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PRINCIPAL MUT. LIFE INS. CO. v. ROBERT DALE EADY

June 26, 1995

PRINCIPAL MUTUAL LIFE INSURANCE COMPANY, Plaintiff,
v.
ROBERT DALE EADY, EADY'S SCALE CORPORATION, and CHARTER BARCLAY HOSPITAL, INC., Defendants.



The opinion of the court was delivered by: RUBEN CASTILLO

 This is a declaratory judgment action brought pursuant to the Employees' Retirement Income Security Act ("ERISA"), 29 U.S.C. ยง 1001, et seq. Plaintiff, Principal Mutual Life Insurance Company ("Principal"), seeks to determine whether or not health insurance coverage exists for Robert Dale Eady ("Eady"), under an employee welfare benefit plan issued to Eady's Scale Corporation ("Eady's Scale") by Principal. Charter Barclay Hospital, Inc. ("Charter Barclay") rendered medical services to Eady, and purports to hold an assignment over his benefits. *fn1"

 Principal moves for summary judgment against Charter Barclay on the grounds that Eady was not an employee of Eady's Scale as defined by the benefit plan. Principal also contends that summary judgment is appropriate because Charter Barclay failed to exhaust the administrative remedies provided for by the plan. For the following reasons, Principal's Motion for Summary Judgment is GRANTED.

 BACKGROUND

 The facts in this case have been gleaned from the parties' Rule 12(M) and 12(N) Statements. *fn2" Principal has underwritten an ERISA-defined group health insurance policy ("the plan"), through which participating employers are able to provide medical care benefits to their employees. Rule 12(M) P 1, 3. Effective November 1, 1991, Eady's Scale became a participating employer in the plan. Rule 12(M) P 2.

 In October, 1991, Eady applied for coverage under the plan, indicating that he was a full time employee of Eady's Scale. Rule 12(M) P 4. Principal accepted Eady as an eligible individual under the Plan. Rule 12(M) P 5. When he was accepted, Eady received a copy of the summary plan description issued by Principal to all eligible employees of Eady's Scale. Rule 12(M) P 6. The summary plan description explains the terms of the policy:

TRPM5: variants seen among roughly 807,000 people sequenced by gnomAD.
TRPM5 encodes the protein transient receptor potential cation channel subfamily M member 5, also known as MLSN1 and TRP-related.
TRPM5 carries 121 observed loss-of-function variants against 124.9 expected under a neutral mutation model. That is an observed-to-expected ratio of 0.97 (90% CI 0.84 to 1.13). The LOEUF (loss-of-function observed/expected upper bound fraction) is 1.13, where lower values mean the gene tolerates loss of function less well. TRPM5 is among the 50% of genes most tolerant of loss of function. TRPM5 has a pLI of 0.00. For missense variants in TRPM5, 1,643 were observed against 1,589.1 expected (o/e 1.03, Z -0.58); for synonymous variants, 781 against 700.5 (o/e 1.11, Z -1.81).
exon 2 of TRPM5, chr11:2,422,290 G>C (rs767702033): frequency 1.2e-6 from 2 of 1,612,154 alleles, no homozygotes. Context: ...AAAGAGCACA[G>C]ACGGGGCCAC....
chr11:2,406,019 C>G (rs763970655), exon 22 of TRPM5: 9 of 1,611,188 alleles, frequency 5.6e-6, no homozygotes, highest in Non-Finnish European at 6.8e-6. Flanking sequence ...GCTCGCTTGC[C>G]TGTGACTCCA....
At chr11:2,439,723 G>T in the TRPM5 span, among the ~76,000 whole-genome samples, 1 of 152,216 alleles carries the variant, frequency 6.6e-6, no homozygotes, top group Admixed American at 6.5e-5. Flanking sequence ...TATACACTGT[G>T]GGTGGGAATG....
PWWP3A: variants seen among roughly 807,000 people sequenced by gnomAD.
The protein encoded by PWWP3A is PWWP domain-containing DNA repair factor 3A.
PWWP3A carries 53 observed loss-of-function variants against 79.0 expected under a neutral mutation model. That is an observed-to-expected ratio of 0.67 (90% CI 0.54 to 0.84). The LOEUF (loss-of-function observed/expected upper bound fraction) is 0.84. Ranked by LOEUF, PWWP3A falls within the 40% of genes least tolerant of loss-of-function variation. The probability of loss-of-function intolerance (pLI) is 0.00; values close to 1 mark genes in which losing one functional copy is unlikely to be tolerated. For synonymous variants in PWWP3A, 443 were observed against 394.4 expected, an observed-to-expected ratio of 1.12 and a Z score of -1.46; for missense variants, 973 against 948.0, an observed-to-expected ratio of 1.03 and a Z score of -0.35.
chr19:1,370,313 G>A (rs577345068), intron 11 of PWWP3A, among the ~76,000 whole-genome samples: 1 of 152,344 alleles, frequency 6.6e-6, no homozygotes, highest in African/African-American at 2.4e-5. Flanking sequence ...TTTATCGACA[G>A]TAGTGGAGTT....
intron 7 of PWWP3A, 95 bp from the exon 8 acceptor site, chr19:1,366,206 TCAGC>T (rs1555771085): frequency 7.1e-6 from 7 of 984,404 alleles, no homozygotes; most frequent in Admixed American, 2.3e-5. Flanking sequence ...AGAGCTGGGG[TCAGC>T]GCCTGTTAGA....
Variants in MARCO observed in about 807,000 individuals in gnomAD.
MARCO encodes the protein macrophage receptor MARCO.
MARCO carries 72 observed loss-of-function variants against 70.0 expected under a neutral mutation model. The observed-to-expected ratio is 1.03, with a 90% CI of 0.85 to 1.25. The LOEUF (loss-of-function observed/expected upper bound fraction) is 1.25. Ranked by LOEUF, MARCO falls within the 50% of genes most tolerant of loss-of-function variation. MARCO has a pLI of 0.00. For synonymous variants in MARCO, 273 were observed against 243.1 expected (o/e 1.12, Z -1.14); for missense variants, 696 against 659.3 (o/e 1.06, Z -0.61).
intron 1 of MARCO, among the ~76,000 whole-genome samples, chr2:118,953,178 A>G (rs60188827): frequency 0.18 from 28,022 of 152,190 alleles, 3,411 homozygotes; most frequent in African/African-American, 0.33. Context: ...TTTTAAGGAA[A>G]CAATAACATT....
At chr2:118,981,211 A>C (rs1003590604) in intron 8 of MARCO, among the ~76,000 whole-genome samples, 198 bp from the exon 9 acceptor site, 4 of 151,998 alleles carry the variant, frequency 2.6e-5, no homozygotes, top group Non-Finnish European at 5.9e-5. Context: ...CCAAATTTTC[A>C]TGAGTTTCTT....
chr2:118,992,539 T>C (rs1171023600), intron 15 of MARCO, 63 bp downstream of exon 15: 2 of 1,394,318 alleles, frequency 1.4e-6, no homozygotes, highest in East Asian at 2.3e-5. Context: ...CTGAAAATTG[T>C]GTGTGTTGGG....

A Member's effective date for Member Medical Expense Insurance will be explained in this Article, if the Member is Actively at Work on that date. If the Member is not Actively at Work on the date insurance would otherwise be effective, such insurance will not be in force until the day of return to Active Work. However, this Actively at Work requirement may be waived.

 Rule 12(M) P 7. "Actively at Work" is defined as "the act or performance of all a Member's normal job duties at the Participating Unit's usual place or places of business." Rule 12(M) P8. Member refers to any person who is employed on other than a temporary or part-time basis and who is regularly scheduled to work for the participating employer for at least thirty hours a week. Rule 12(M) P9.

 On December 28, 1992, Principal notified Eady by letter that his claim for benefits had been denied because he was not eligible for coverage under the plan, and advised him that he had sixty days to request a review of the decision. Rule 12(M) P 14. Eady did not make such a request. Rule 12(M) P 14. However, Charter Barclay, through its agent Med-Services, Inc., did inquire into Principal's denial of coverage for Eady in a letter dated May 25, 1993. Rule 12(N) P 16. On July 7, 1993, Principal responded, stating that since Eady had not responded within sixty days to the December 28, 1992, letter, it considered its decision to deny Eady's claim for benefits final. Letter from Van Wyk to Arzate of July 7, 1993.

 This declaratory judgment action was filed by Principal on July 19, 1993. Rule 12(M) P 17. Eady's Scale subsequently entered into a stipulation whereby it agreed that "pursuant to the Summary Plan Description, Robert Dale Eady is not and was never eligible for coverage under the Plan." Rule 12(M) P 17. In accord with this stipulation, the Court entered judgment for Principal against Eady's Scale. Rule 12(M) P18. As a result of Eady's failure to appear and answer, default judgment was entered against him on July 14, 1994. Rule 12(M) P 19.

 DISCUSSION

 A. Standard for Summary Judgment

 Summary Judgment is proper if the record shows that there is no genuine issue of material fact and that the moving party is entitled to judgment as a matter of law. FED. R. CIV. P. 56(c). A genuine issue of material fact is present "if the evidence is such that a reasonable jury could return a verdict for the nonmoving party." Anderson v. Liberty Lobby, Inc., 477 U.S. 242, 248, 91 L. Ed. 2d 202, 106 S. Ct. 2505 (1986). "Only disputes over facts that might effect that outcome of the suit under governing law will properly preclude the entry of summary judgment." Id. The moving party has the burden to "show" that there is no evidence supporting the nonmoving party's case. Celotex Corp. v. Catrett, 477 U.S. 317, 325, 91 L. ...


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